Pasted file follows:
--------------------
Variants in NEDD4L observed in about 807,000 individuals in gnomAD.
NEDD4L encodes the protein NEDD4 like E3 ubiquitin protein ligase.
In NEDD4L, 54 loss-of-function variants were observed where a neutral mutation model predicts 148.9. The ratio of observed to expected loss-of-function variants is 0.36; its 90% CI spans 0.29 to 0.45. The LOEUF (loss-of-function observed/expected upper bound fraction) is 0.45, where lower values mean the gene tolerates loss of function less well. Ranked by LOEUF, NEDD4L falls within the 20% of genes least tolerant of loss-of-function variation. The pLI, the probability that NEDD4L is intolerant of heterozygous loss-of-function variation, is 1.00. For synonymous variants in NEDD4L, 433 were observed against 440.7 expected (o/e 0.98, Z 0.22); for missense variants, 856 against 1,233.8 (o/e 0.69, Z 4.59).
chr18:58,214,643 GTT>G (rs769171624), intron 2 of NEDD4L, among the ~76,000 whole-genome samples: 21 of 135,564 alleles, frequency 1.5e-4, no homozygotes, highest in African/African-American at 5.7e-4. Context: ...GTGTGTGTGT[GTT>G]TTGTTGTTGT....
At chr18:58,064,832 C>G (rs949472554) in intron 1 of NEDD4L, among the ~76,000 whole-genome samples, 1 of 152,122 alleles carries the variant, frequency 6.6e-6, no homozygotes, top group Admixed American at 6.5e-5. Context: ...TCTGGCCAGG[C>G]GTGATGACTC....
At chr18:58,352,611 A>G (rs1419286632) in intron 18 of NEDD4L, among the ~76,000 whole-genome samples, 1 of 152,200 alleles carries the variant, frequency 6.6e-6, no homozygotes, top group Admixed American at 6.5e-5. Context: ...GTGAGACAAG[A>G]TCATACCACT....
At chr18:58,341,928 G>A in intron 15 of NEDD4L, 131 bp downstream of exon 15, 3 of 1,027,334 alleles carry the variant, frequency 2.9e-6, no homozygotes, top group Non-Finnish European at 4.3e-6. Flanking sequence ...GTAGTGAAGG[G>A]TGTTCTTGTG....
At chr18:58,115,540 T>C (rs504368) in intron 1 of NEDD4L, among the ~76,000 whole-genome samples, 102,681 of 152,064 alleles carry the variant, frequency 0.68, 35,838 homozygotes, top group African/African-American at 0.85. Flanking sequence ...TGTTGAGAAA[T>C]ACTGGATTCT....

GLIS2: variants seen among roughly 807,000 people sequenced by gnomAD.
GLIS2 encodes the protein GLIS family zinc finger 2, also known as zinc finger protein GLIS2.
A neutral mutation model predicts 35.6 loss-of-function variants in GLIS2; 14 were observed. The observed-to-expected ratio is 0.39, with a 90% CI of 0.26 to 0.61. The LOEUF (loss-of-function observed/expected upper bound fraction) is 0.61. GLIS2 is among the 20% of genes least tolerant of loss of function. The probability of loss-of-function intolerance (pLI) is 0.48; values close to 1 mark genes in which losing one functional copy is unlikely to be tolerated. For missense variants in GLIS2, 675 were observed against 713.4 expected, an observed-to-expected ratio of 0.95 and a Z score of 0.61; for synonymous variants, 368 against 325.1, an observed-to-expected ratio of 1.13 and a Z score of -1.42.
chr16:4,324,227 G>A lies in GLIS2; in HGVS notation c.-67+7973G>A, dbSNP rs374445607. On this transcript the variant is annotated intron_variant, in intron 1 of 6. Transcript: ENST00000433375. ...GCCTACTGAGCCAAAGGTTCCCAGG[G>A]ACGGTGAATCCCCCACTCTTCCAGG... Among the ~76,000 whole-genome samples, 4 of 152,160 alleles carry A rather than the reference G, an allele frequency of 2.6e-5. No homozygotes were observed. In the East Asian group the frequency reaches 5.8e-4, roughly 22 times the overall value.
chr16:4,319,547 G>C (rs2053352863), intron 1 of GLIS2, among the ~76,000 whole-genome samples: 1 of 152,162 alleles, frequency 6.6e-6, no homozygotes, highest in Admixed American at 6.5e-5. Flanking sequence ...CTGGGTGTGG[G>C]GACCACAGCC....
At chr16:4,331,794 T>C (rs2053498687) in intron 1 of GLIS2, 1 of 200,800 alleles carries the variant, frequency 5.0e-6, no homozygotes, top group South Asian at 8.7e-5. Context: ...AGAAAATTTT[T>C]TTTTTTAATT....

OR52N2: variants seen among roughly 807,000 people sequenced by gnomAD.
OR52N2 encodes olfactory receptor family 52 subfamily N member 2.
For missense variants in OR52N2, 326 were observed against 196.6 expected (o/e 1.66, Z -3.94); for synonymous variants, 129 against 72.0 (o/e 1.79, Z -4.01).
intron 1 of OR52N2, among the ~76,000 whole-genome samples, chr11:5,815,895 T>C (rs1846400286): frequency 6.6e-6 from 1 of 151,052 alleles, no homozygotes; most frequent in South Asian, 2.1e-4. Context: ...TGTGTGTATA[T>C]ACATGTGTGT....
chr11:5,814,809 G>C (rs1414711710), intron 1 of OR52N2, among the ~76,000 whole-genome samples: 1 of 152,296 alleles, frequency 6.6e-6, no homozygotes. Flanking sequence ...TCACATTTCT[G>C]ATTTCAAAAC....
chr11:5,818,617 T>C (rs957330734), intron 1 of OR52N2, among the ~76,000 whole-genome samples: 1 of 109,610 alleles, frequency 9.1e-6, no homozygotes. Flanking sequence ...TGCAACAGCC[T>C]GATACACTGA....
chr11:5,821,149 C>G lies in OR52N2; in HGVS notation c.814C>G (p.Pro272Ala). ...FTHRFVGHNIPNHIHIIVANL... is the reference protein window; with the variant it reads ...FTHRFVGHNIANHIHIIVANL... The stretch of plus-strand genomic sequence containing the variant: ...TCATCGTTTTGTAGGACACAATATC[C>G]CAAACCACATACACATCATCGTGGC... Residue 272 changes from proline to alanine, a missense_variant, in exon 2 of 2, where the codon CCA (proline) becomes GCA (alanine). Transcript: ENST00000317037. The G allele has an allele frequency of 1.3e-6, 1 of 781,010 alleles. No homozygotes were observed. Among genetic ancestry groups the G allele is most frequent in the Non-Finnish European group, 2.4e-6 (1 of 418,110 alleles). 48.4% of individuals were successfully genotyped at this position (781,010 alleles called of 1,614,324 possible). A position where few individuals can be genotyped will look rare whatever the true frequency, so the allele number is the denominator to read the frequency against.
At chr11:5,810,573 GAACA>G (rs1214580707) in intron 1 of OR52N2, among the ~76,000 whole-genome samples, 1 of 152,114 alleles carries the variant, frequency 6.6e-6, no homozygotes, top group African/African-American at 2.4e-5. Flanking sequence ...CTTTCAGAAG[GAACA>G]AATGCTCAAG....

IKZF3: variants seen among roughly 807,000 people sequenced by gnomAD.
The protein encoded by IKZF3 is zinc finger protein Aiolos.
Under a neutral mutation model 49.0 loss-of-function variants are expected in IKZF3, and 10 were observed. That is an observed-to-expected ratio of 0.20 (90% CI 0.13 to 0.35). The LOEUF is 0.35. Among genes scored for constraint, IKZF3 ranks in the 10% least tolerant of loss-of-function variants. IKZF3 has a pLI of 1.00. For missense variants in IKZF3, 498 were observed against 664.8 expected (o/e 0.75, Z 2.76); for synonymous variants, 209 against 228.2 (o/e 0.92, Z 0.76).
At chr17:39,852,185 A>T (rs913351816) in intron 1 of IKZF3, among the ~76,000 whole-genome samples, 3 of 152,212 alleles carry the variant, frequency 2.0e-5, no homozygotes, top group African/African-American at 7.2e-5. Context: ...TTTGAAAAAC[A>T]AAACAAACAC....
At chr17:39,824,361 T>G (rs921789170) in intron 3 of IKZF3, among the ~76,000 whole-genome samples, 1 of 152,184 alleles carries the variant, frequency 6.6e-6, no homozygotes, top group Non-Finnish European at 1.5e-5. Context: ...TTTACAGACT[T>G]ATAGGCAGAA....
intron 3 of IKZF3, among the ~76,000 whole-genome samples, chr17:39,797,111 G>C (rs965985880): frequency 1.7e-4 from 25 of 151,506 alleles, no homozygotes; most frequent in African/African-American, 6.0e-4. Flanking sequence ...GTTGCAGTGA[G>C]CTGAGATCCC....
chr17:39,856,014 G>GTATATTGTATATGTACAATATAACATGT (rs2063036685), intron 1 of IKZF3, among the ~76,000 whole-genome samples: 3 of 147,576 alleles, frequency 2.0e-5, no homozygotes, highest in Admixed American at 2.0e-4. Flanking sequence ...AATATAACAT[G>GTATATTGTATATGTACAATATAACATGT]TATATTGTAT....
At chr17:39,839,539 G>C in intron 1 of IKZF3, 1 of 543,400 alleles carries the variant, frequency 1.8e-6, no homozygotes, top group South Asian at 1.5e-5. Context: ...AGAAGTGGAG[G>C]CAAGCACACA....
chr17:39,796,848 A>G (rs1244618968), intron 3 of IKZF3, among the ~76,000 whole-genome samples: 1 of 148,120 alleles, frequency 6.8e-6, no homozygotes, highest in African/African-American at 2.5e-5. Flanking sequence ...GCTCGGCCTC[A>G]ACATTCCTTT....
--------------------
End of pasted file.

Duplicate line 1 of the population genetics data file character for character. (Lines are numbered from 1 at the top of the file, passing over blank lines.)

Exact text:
Variants in NEDD4L observed in about 807,000 individuals in gnomAD.